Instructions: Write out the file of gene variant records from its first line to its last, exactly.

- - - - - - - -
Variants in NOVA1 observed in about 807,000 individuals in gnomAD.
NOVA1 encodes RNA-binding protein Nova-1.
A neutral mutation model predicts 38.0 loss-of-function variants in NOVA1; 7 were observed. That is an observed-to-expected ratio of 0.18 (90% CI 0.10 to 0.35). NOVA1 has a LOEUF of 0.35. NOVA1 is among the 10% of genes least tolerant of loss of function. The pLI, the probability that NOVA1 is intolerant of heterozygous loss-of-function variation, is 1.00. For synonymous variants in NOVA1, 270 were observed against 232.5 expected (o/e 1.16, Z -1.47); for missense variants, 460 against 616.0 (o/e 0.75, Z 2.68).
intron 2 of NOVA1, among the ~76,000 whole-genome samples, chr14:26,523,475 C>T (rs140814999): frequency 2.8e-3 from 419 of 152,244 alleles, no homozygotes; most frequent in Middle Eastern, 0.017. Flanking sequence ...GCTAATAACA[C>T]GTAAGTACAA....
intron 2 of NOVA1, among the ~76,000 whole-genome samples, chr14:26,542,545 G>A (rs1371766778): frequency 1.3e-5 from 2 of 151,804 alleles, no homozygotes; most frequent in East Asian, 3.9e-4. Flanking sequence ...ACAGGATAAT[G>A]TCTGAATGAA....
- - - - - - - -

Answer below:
Variants in NOVA1 observed in about 807,000 individuals in gnomAD.
NOVA1 encodes RNA-binding protein Nova-1.
A neutral mutation model predicts 38.0 loss-of-function variants in NOVA1; 7 were observed. That is an observed-to-expected ratio of 0.18 (90% CI 0.10 to 0.35). NOVA1 has a LOEUF of 0.35. NOVA1 is among the 10% of genes least tolerant of loss of function. The pLI, the probability that NOVA1 is intolerant of heterozygous loss-of-function variation, is 1.00. For synonymous variants in NOVA1, 270 were observed against 232.5 expected (o/e 1.16, Z -1.47); for missense variants, 460 against 616.0 (o/e 0.75, Z 2.68).
intron 2 of NOVA1, among the ~76,000 whole-genome samples, chr14:26,523,475 C>T (rs140814999): frequency 2.8e-3 from 419 of 152,244 alleles, no homozygotes; most frequent in Middle Eastern, 0.017. Flanking sequence ...GCTAATAACA[C>T]GTAAGTACAA....
intron 2 of NOVA1, among the ~76,000 whole-genome samples, chr14:26,542,545 G>A (rs1371766778): frequency 1.3e-5 from 2 of 151,804 alleles, no homozygotes; most frequent in East Asian, 3.9e-4. Flanking sequence ...ACAGGATAAT[G>A]TCTGAATGAA....